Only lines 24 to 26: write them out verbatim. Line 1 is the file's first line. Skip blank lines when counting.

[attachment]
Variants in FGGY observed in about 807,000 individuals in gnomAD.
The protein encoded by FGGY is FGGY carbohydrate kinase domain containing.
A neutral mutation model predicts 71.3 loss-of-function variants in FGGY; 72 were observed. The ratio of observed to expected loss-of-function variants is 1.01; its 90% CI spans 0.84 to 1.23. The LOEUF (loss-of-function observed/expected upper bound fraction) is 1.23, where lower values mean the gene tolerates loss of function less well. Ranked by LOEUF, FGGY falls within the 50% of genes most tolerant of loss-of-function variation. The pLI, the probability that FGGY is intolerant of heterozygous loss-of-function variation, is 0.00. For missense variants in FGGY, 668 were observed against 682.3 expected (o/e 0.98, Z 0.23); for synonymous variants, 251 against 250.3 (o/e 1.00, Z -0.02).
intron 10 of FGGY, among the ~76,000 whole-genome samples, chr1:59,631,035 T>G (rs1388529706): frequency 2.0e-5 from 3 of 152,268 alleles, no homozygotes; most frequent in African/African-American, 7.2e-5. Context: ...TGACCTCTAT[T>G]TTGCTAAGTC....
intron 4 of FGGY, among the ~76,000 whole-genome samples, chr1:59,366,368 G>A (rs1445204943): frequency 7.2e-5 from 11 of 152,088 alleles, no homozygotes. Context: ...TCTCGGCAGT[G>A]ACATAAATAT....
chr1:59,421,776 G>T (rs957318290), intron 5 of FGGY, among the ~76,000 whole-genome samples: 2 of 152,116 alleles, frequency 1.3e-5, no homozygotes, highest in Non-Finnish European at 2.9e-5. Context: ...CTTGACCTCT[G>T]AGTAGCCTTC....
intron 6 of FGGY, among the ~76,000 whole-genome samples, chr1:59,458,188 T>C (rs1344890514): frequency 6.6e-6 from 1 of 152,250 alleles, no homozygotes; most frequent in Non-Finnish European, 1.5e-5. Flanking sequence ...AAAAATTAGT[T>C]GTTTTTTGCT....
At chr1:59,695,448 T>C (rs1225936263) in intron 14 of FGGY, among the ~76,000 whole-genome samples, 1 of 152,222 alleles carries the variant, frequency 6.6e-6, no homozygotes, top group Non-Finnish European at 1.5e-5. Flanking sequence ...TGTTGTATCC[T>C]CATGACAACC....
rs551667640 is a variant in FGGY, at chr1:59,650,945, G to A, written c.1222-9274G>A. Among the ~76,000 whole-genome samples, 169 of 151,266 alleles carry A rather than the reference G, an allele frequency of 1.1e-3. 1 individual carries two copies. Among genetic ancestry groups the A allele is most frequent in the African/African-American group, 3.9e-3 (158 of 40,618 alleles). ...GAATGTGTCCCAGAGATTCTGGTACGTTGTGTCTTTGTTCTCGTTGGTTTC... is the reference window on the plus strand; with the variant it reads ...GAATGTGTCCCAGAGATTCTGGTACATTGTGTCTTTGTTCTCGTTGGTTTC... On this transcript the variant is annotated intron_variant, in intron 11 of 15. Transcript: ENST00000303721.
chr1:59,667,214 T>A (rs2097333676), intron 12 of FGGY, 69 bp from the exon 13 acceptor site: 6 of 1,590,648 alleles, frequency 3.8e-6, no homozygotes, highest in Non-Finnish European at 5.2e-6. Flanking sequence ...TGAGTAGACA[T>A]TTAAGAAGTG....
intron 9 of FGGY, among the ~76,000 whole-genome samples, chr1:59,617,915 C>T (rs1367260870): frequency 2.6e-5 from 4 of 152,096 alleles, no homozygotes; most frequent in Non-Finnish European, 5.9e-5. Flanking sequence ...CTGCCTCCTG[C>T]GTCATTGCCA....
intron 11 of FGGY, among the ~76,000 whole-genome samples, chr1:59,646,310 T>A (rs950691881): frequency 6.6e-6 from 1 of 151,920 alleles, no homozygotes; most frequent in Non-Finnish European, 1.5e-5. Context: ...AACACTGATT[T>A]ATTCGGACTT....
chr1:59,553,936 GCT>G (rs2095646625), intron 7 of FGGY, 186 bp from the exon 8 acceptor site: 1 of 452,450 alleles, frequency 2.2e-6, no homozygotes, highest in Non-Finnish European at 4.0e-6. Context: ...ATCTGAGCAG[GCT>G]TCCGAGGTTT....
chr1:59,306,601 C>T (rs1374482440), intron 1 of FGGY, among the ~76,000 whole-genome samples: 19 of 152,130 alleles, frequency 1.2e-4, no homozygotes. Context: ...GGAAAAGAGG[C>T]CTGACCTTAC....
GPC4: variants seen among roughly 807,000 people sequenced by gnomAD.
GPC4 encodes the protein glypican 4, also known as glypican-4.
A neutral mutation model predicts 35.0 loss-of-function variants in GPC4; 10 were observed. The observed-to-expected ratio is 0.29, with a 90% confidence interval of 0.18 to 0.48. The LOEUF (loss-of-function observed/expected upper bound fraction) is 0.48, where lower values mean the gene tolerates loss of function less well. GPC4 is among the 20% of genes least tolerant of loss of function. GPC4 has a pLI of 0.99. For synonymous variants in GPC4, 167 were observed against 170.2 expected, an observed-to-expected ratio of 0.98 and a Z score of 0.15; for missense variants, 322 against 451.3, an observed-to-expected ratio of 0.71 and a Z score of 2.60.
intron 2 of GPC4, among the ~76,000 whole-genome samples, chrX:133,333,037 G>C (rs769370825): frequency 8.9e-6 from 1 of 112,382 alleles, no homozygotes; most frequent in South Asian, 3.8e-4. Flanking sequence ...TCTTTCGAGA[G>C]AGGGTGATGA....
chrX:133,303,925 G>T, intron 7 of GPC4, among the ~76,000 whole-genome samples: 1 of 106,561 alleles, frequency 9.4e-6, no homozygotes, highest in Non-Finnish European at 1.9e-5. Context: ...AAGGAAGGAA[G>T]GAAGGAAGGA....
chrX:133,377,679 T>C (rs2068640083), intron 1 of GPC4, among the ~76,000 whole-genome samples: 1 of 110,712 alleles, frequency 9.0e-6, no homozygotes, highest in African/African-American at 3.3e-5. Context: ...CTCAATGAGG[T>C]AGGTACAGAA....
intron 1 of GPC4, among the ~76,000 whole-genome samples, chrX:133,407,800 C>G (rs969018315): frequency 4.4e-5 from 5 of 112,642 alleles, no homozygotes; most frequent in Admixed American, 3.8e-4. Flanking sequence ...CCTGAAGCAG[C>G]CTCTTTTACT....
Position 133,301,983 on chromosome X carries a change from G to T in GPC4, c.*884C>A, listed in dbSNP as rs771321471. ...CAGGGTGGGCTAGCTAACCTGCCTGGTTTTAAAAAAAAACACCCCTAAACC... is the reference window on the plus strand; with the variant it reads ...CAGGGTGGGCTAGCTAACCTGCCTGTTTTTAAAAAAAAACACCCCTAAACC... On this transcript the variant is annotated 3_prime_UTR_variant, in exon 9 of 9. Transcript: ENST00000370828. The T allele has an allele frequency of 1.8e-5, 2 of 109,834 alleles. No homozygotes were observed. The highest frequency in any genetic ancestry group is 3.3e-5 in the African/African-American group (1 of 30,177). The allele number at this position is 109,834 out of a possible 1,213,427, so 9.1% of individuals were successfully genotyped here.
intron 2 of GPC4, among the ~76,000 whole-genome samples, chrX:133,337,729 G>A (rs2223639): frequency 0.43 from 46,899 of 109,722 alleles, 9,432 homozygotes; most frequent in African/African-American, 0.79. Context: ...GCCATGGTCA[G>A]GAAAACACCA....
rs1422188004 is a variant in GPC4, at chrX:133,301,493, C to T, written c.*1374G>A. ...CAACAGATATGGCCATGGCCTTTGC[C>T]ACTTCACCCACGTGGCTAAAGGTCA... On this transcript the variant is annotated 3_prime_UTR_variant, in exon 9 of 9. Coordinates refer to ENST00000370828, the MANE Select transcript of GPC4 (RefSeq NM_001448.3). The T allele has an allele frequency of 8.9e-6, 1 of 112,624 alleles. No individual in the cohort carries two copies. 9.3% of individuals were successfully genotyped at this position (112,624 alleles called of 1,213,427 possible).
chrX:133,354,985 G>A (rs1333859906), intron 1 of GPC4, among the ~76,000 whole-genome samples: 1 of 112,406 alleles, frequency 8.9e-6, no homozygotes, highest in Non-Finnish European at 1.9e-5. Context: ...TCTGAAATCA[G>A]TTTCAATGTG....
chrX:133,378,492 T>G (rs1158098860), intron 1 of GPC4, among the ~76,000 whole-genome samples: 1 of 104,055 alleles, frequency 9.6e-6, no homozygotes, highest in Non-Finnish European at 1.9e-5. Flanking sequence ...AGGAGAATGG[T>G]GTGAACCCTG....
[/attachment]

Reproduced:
rs1422188004 is a variant in GPC4, at chrX:133,301,493, C to T, written c.*1374G>A. ...CAACAGATATGGCCATGGCCTTTGC[C>T]ACTTCACCCACGTGGCTAAAGGTCA... On this transcript the variant is annotated 3_prime_UTR_variant, in exon 9 of 9. Coordinates refer to ENST00000370828, the MANE Select transcript of GPC4 (RefSeq NM_001448.3). The T allele has an allele frequency of 8.9e-6, 1 of 112,624 alleles. No individual in the cohort carries two copies. 9.3% of individuals were successfully genotyped at this position (112,624 alleles called of 1,213,427 possible).
chrX:133,354,985 G>A (rs1333859906), intron 1 of GPC4, among the ~76,000 whole-genome samples: 1 of 112,406 alleles, frequency 8.9e-6, no homozygotes, highest in Non-Finnish European at 1.9e-5. Context: ...TCTGAAATCA[G>A]TTTCAATGTG....
chrX:133,378,492 T>G (rs1158098860), intron 1 of GPC4, among the ~76,000 whole-genome samples: 1 of 104,055 alleles, frequency 9.6e-6, no homozygotes, highest in Non-Finnish European at 1.9e-5. Flanking sequence ...AGGAGAATGG[T>G]GTGAACCCTG....